The decommissioning of paramilitary weapons remains a challenge for the peace process in Northern Ireland.

The role of the Independent International Commission on Decommissioning has been central to achieving the goal of putting all paramilitary arms beyond use.

Under the 1998 Good Friday Agreement, all paramilitary weapons were to have been decommissioned by May 2000.

The delicate task of overseeing decommissioning was assigned to the former head of the Canadian armed forces, General John de Chastelain, a challenging role in an often difficult political atmosphere. Despite pressure from unionists, the only weapons to have been destroyed in public are a handful of Loyalist Volunteer Forces (LVF) guns in October 1999.

In February 2000, the Northern Assembly was temporarily suspended by the then Northern Secretary Peter Mandelson in the face of a resignation threat by First Minister of Northern Ireland and Ulster Unionist Party (UUP) leader David Trimble over the failure to make progress on decommissioning. The IRA subsequently removed its cooperation with the decommissioning body.

In May 2000, the IRA issued a statement declaring their commitment to putting arms beyond use and agreeing to the inspection of some of their arms dumps by a third party.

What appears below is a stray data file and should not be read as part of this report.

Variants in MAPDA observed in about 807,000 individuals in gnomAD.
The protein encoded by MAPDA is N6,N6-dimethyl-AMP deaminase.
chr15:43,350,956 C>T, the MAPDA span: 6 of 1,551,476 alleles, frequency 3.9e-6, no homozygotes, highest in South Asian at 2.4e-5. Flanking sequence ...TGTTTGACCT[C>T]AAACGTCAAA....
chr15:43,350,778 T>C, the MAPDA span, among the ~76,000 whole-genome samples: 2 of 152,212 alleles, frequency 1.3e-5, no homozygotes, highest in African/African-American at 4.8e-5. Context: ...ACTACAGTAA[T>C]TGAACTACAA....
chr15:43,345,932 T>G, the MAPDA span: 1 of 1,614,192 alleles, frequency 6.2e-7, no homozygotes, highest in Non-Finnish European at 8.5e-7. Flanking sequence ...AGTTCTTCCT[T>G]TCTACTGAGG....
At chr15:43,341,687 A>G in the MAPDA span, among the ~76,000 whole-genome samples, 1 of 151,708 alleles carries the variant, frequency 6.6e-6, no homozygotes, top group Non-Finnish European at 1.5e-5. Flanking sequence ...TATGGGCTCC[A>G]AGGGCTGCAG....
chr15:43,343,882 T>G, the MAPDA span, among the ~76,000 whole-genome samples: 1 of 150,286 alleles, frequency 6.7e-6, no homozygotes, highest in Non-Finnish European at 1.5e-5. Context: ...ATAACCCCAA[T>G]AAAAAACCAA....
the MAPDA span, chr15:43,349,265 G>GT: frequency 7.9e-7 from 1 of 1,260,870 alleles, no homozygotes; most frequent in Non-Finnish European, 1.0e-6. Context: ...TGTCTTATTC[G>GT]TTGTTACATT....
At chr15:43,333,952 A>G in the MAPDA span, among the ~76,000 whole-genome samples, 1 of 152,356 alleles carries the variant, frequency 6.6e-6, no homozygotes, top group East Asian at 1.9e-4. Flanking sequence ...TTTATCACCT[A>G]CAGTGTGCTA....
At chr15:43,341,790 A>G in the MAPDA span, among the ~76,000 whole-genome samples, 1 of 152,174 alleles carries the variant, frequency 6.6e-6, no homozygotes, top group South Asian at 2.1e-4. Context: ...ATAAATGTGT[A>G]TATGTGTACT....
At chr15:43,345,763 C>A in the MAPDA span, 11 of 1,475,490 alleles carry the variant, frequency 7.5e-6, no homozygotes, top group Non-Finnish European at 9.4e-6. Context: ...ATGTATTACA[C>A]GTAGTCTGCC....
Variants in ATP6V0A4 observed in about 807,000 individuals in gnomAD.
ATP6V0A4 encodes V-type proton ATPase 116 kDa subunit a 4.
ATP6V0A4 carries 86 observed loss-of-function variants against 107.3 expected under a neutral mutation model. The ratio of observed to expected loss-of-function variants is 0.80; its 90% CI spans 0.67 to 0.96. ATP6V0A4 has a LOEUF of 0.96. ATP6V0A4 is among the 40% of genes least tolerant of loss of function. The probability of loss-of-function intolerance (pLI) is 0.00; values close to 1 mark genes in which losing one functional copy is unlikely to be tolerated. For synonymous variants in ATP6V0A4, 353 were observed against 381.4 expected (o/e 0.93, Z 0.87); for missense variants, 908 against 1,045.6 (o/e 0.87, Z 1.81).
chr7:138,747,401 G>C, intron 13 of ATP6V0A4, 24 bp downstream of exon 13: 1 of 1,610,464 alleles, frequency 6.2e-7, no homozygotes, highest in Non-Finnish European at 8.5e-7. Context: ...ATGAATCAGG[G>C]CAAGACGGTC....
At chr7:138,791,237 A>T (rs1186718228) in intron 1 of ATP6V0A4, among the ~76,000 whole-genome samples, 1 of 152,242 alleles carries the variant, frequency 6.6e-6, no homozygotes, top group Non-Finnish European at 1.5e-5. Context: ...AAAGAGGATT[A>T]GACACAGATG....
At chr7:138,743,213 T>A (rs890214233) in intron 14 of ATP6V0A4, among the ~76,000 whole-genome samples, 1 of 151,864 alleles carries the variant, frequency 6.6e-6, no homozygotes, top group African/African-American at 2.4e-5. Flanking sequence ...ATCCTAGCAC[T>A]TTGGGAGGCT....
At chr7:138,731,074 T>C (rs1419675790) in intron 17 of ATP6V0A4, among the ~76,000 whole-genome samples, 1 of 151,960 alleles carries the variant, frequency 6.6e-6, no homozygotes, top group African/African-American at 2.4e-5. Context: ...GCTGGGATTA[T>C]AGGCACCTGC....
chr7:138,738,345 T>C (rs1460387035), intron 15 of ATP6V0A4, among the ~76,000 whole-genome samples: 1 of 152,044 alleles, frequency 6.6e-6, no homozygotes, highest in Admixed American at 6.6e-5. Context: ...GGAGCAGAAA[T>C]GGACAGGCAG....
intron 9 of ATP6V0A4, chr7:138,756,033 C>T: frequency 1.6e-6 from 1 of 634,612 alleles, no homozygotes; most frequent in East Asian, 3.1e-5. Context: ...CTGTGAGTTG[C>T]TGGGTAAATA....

Former Finnish President and Balkans mediator Martti Ahtisaari and former African National Congress (ANC) General Secretary Cyril Ramaphosa were accepted by Northern Ireland political parties as independent inspectors. They issued two reports in 2000 stating they had visited IRA arms dumps and weapons remained secured. In May 2001, a third inspection was confirmed but still no actual decommissioning has happened.

Political pressure for decommissioning on the unionist side culminated in the resignation of David Trimble as First Minister of the Northern Assembly on 1 July.

In a significant breakthrough today, the International Body on Decommissioning says it has agreed proposals which would lead to IRA weapons being put completely and verifiably beyond use.

An RTÉ News report broadcast on 6 August 2001. The reporter is Robert Shortt.